A ‘rest day’ on Cairn Lochan

Cairn Lochan, Cairngorms

After returning from my short backpacking trip in the Cairngorms I planned to have a rest day before working at the weekend. But as I sat in my caravan on the camp site where I work (and live on work days and others) eating a leisurely breakfast the sun came out and lit up the Cairngorm. This was too good an opportunity to miss, so I changed my mind and changed my clothes into hiking gear. I may make some of you a wee bit jealous now when I tell you I walked into the Cairngorm mountains directly from my ‘home’. No cars or buses needed – I simply shut my door and set off on foot.
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Three days in the Cairngorms

Tomintoul to Glenmore: Linn of Avon to Fords of Avon

The weather forecast was not looking good for my planned mid-week trip in the Cairngorms. Rain, wind, and the summits hidden in cloud all 3 days. But I was psyched up to get out there into the hills, so a change of plan was called for. I browsed the maps and decided that I’d tackle a walk in the glens instead of the tops. Neil dropped me off at Tomintoul and I was to spend 3 or 4 days walking back to Glenmore – to be back for the weekend for work.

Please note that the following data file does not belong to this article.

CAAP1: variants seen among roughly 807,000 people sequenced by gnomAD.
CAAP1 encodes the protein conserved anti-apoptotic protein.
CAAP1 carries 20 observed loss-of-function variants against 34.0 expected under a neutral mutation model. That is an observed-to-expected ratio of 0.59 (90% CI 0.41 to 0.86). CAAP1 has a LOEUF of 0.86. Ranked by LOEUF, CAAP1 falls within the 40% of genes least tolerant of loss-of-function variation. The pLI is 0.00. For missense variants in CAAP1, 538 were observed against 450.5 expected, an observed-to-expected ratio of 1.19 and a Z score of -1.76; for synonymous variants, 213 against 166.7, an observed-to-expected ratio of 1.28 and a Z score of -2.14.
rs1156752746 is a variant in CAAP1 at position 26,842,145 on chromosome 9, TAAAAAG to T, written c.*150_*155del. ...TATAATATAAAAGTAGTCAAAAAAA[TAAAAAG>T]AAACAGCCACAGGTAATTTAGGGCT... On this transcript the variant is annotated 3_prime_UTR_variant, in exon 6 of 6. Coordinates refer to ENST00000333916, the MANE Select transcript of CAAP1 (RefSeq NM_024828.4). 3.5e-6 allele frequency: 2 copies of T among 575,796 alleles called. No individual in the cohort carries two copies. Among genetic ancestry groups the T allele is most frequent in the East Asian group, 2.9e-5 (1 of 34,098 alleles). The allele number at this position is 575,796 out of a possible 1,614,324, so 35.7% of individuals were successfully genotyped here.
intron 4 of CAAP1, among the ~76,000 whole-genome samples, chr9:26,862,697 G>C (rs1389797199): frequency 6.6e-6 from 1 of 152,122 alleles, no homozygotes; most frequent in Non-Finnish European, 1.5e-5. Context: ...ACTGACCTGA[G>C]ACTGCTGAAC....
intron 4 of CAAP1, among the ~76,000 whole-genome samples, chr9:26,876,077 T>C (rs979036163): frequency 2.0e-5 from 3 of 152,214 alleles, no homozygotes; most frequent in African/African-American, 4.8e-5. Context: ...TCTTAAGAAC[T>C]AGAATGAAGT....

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A three-day low(ish) Cairngorms backpack

Camping at Fords of Avon

Last week I did a short backpacking trip in the Cairngorms. The original plan had been for Neil and I to head to the high hills, but after checking the weather forecast (rain, rain and more rain) Neil suddenly decided he had work to do! 🙄 However I was psyched up for a trip between my weekends at work and decided to do a lower level solo trip.

Neil dropped me off at Tomintoul and I walked back to Glenmore via Glen Avon and the Lairig Laoigh, beside Bynack More. Day one was nice easy walking – but tough as I was carrying too much weight (eg a 2-person tent). Day two rained non-stop the whole day. I’d really like to go back to walk Glen Avon again when I can see the scenery. The third day was showery, but pleasant.

I’ll write a full trip report shortly.

Early summer in the Caledonian Pinewoods

Abhain Ruigh-eunachan burn, Glenmore
The typical riparian scene in the ancient Caledonian Pinewoods is a mixture of pine, silver birch, downy birch. alder and goat willow.

I’m revisiting the Scots Pine trees I mentioned ten days ago, to show the flowers again. A friend mentioned noticing the red blooms on the trees. These two pictures show how the male flowers are initially covered in red scales which protects the pollen. The red scales are now beginning to fall off and the yellow pollen can clearly be seen.
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